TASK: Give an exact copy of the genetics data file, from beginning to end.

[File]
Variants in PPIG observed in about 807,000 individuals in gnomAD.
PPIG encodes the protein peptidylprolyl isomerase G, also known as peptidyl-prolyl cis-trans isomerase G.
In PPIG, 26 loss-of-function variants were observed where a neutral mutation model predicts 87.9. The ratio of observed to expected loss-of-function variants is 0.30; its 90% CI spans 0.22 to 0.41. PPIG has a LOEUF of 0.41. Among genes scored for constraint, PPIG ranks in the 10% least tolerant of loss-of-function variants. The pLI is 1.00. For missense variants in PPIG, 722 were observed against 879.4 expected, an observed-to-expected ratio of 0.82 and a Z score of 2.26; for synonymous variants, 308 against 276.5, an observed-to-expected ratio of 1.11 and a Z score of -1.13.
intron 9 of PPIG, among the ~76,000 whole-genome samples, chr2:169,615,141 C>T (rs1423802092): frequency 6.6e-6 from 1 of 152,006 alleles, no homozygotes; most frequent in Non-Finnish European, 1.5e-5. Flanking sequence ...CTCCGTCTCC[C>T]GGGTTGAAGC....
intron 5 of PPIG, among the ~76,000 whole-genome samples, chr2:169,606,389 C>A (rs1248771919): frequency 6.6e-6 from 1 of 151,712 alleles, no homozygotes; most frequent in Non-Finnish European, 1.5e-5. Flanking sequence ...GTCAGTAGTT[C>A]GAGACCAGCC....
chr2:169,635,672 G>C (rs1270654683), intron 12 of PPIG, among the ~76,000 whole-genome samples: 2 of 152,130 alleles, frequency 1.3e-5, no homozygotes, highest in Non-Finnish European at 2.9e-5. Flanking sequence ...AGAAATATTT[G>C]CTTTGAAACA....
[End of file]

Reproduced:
Variants in PPIG observed in about 807,000 individuals in gnomAD.
PPIG encodes the protein peptidylprolyl isomerase G, also known as peptidyl-prolyl cis-trans isomerase G.
In PPIG, 26 loss-of-function variants were observed where a neutral mutation model predicts 87.9. The ratio of observed to expected loss-of-function variants is 0.30; its 90% CI spans 0.22 to 0.41. PPIG has a LOEUF of 0.41. Among genes scored for constraint, PPIG ranks in the 10% least tolerant of loss-of-function variants. The pLI is 1.00. For missense variants in PPIG, 722 were observed against 879.4 expected, an observed-to-expected ratio of 0.82 and a Z score of 2.26; for synonymous variants, 308 against 276.5, an observed-to-expected ratio of 1.11 and a Z score of -1.13.
intron 9 of PPIG, among the ~76,000 whole-genome samples, chr2:169,615,141 C>T (rs1423802092): frequency 6.6e-6 from 1 of 152,006 alleles, no homozygotes; most frequent in Non-Finnish European, 1.5e-5. Flanking sequence ...CTCCGTCTCC[C>T]GGGTTGAAGC....
intron 5 of PPIG, among the ~76,000 whole-genome samples, chr2:169,606,389 C>A (rs1248771919): frequency 6.6e-6 from 1 of 151,712 alleles, no homozygotes; most frequent in Non-Finnish European, 1.5e-5. Flanking sequence ...GTCAGTAGTT[C>A]GAGACCAGCC....
chr2:169,635,672 G>C (rs1270654683), intron 12 of PPIG, among the ~76,000 whole-genome samples: 2 of 152,130 alleles, frequency 1.3e-5, no homozygotes, highest in Non-Finnish European at 2.9e-5. Flanking sequence ...AGAAATATTT[G>C]CTTTGAAACA....